9. A declaration dated December 12, 1946, was submitted by plaintiffs' broker and accepted by defendant on that date for insurance in the amount of $200,000 covering that portion of the surplus goods at Dutch Harbor which was insured in the open valuation policy No. 14381 of November 25, 1946.
10. In connection with this declaration of December 12, plaintiffs' broker submitted to defendant a letter dated December 17, 1946, tabulating eight items with acquisition cost to the Government for the various quantities of each item. The total Government acquisition cost was stated at $249,870. The eight items of merchandise listed were: artics, wool undershirts, utility trousers, wool winter socks, wool winter drawers, utility shirts, leather face work gloves and stag coats.
11. Between December 2 and December 22, 1946, at Dutch Harbor various items declared surplus were removed from warehouses to Structure 159 located at the water's edge. These operations were accomplished by Government personnel and Navy trucks between buildings which were all part of the Navy installation at Dutch Harbor. Many items of surplus property, in addition to the eight sold by the Government to plaintiffs under the agreement of September 5, 1946, were so moved. Some items of surplus property stored in Structure 159 were not at the time subject to Government contract of sale.
12. Usually a single outlying warehouse was first depleted of property declared surplus and this property brought to Structure 159; then another outlying warehouse was emptied in the same manner.
13. At the time this surplus property left the various outlying warehouses it had not been completely segregated, banded for shipment or otherwise made ready for transport by sea. Some of the surplus property contracted for by plaintiffs was banded and segregated in Structure 159.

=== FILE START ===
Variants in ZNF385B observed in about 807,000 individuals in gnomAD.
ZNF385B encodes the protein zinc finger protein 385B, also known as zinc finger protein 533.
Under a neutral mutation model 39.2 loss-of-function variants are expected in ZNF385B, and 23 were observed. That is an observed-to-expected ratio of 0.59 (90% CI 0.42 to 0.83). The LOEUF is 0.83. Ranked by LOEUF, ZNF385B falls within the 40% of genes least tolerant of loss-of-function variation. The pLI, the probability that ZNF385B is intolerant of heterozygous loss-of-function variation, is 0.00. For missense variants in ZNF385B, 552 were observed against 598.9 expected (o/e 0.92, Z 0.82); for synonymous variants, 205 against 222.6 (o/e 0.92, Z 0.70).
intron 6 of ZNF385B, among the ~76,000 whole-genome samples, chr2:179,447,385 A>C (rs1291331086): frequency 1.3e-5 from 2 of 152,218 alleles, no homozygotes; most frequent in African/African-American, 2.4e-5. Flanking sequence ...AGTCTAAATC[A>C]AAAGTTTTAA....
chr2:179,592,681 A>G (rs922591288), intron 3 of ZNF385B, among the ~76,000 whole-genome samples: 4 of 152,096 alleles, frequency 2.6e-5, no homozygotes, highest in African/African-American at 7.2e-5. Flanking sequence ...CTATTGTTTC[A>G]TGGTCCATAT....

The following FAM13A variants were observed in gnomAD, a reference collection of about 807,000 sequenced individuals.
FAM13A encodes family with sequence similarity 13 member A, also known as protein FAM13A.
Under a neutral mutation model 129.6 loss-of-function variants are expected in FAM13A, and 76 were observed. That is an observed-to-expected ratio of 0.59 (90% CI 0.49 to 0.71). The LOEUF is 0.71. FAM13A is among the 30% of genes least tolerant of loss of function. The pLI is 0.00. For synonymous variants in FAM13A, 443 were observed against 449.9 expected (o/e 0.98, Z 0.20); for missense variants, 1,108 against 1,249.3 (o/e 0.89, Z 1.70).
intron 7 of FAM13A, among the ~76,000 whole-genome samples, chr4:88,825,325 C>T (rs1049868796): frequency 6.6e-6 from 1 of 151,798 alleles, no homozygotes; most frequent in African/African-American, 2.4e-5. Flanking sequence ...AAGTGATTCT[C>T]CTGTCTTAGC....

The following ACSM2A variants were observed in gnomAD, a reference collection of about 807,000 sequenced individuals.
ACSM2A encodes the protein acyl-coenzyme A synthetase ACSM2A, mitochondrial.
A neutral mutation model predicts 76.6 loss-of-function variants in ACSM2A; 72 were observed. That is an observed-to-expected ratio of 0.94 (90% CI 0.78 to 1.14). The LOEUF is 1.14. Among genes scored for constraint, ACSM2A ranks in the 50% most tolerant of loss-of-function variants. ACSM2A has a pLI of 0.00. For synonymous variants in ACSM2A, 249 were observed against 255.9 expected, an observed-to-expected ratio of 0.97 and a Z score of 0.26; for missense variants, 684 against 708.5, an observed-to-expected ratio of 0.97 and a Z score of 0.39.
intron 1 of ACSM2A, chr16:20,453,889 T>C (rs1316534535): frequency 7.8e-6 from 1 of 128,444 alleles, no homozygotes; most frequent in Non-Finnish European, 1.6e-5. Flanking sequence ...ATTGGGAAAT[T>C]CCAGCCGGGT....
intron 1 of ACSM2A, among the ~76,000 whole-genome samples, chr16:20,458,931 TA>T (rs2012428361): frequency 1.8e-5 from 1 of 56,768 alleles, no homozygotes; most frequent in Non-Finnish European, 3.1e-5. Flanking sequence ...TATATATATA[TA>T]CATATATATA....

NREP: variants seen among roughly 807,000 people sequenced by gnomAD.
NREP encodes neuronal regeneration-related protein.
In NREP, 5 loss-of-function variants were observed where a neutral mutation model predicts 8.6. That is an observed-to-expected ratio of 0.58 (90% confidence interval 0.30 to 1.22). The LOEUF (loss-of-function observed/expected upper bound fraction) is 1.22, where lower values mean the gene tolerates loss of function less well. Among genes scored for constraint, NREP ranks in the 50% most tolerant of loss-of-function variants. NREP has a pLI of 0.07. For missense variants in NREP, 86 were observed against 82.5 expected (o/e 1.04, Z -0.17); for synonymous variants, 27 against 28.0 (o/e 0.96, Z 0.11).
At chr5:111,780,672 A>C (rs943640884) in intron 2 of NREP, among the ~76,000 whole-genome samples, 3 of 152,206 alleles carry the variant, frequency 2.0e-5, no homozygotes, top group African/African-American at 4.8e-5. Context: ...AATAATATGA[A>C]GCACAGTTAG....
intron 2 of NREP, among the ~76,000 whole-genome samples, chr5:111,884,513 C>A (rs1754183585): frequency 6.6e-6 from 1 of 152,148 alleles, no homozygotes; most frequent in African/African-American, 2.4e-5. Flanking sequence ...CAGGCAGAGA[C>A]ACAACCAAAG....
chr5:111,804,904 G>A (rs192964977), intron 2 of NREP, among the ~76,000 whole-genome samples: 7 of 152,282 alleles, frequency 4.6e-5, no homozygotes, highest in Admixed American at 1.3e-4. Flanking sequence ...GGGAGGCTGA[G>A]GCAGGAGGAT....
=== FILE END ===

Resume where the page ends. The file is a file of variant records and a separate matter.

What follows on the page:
14. Structure 159 was equipped with various materials handling devices, such as forked lifts, four-wheel carts and dock mules, in order to move goods from its interior to within reach of ship's tackle.
15. During the night of December 21-22, 1946, a fire destroyed Structure 159 and all of the surplus goods inside it, including a substantial portion of the goods sold to plaintiffs under the agreement of September 5, 1946.
16. Up to the time of the fire, S. S. Pier Bend, the ship intended by plaintiffs to carry the cargo, had not arrived at Dutch Harbor.
17. Prior to the fire no surplus property had been moved from the inside of Structure 159 out on the dock so as to be loaded aboard a steamship in transit to plaintiffs at a Pacific port of destination.
18. No bills of sale had been furnished plaintiffs by the Government, because such bills were not made out until after the loading of the vessel and covered only items which have been actually loaded.
19. Prior to the commencement of the action, plaintiffs received back from the Government $49,974 which represented plaintiffs' purchase price of all of the surplus goods at Dutch Harbor sold under the contract of September 5, 1946.